Misconceptions About Safety

Unfortunately, for a very long time both doctors and patients operated under the tragic misconception that prescription opioids were entirely safe. Drugs such as oxycodone were marketed as free of addiction risk even though this was not the case.

As a result, doctors prescribed oxycodone freely and for extended periods of time. This had several terrible results. First, many patients prescribed oxycodone by their doctors became addicted.

Second, the availability of oxycodone skyrocketed. Patients prescribed the drug would share or sell pills.

This made it easy for addicted patients who needed higher doses to maintain their habit to get more of the drug. It also made it easy for individuals looking for recreational drugs to get their hands on oxycodone.

Tragically, thanks to its status as a prescription drug and erroneous marketing, many of these recreational users also believed that oxycodone was safe and not an addiction risk. They used the drug freely only to later find themselves deeply addicted.

To this day, some segments of the population, such as teenagers, are still very prone to believing that oxycodone is safe for recreational use.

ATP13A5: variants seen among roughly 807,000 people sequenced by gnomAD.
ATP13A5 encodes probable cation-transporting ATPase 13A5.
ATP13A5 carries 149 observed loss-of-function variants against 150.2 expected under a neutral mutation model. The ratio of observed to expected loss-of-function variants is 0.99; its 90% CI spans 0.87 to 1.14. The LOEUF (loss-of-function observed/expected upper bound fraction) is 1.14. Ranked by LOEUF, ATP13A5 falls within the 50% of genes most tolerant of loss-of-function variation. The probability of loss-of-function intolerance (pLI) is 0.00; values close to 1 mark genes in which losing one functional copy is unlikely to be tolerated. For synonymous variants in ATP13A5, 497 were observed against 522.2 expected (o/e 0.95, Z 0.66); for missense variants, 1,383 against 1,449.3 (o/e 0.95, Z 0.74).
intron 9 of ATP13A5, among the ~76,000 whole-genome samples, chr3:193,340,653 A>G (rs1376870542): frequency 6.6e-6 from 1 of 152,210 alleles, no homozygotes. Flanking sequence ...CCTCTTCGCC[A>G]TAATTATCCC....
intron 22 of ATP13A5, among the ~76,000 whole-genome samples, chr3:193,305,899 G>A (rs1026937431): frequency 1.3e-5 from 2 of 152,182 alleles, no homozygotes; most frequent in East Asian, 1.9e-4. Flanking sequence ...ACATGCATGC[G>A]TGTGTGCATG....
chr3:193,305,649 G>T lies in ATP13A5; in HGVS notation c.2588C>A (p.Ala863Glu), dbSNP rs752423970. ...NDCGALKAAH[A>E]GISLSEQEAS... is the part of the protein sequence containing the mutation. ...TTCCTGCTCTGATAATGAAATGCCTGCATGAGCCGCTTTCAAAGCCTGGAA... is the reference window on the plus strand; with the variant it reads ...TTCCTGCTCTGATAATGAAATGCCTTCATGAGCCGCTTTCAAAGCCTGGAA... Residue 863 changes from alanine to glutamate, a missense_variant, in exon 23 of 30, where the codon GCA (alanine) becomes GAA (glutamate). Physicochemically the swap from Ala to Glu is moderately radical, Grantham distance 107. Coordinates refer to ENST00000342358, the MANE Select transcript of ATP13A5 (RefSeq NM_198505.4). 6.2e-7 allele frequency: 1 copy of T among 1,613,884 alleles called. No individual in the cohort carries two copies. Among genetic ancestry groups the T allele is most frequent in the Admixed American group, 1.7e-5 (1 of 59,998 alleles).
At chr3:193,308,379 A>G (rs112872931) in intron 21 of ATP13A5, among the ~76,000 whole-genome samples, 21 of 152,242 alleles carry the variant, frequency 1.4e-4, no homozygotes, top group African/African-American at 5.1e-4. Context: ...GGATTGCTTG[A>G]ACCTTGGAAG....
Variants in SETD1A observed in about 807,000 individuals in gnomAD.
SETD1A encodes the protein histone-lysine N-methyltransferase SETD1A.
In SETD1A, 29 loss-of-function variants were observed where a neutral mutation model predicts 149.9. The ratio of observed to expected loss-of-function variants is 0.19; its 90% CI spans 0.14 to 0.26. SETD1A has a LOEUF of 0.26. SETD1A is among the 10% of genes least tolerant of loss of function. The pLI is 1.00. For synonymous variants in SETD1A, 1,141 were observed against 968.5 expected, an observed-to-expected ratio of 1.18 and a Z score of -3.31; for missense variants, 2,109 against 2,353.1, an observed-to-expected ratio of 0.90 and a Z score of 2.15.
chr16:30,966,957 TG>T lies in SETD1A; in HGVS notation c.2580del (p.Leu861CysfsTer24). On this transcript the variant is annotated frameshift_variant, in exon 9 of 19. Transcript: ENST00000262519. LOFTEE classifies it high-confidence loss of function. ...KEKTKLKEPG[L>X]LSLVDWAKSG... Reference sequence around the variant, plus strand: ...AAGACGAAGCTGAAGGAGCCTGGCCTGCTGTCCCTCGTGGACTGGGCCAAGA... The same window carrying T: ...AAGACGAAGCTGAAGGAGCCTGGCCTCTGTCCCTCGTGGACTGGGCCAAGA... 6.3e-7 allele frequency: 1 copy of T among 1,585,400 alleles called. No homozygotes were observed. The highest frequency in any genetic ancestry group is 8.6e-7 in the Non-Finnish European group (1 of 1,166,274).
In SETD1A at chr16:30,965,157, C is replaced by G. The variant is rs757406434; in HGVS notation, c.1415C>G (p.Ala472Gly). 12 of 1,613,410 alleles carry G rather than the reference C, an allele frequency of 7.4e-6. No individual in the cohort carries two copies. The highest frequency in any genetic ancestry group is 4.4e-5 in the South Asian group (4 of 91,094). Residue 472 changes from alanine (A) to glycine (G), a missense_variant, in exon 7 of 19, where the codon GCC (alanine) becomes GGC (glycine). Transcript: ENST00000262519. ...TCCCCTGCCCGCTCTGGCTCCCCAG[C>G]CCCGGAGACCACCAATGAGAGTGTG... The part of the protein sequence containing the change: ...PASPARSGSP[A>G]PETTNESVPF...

Loss of Prescription Drug Control

Another major factor in oxycodone’s addictiveness is that many of the traditional protections against addiction have been removed. Under modern health care plans, for example, many Americans are no longer required to have a primary care provider (PCP).

Patients without a PCP are free to seek care from multiple sources without any outside or coordinated oversight. Functionally, this allows them to “doctor shop.”

Patients may visit numerous clinics or specialty providers and receive oxycodone prescriptions from several doctors. These overlapping prescriptions give them consistent access to huge quantities of the drug, further fueling their addictions.

As long as these providers do not share an electronic health records (EHR) system and patients do not fill their prescriptions at the same pharmacy, addicts can maintain this system for years without being caught. Online pharmacies, often based in other countries, further expand addicts’ ability to do this without detection.

Addiction Treatment Challenges

Finally, oxycodone is considered highly addictive because it is so difficult to get off of without help. Patients who attempt to quit “cold turkey” on their own can suffer terribly. Most begin using again before they can get clean.

Patients often fail to seek help because they are afraid of the shame and stigma associated with prescription drug addiction. Alternatively, some patients struggle to find help because their doctors simply are not well-equipped to help them. Very often the doctors prescribing oxycodone have little or no training or experience in helping addicted patients get off the drug.

While safe, comfortable, and effective treatment is available, patients usually find that they must turn to addiction professionals to get it.

Help for Oxycodone Addiction

If you or a loved one is struggling with addiction to this notorious prescription drug, help is available. Rehab Recovery Centers specializes in treating oxycodone patients and empowering them to reclaim their lives. Call us at (866) 708-5437 for more information on how we can help you today.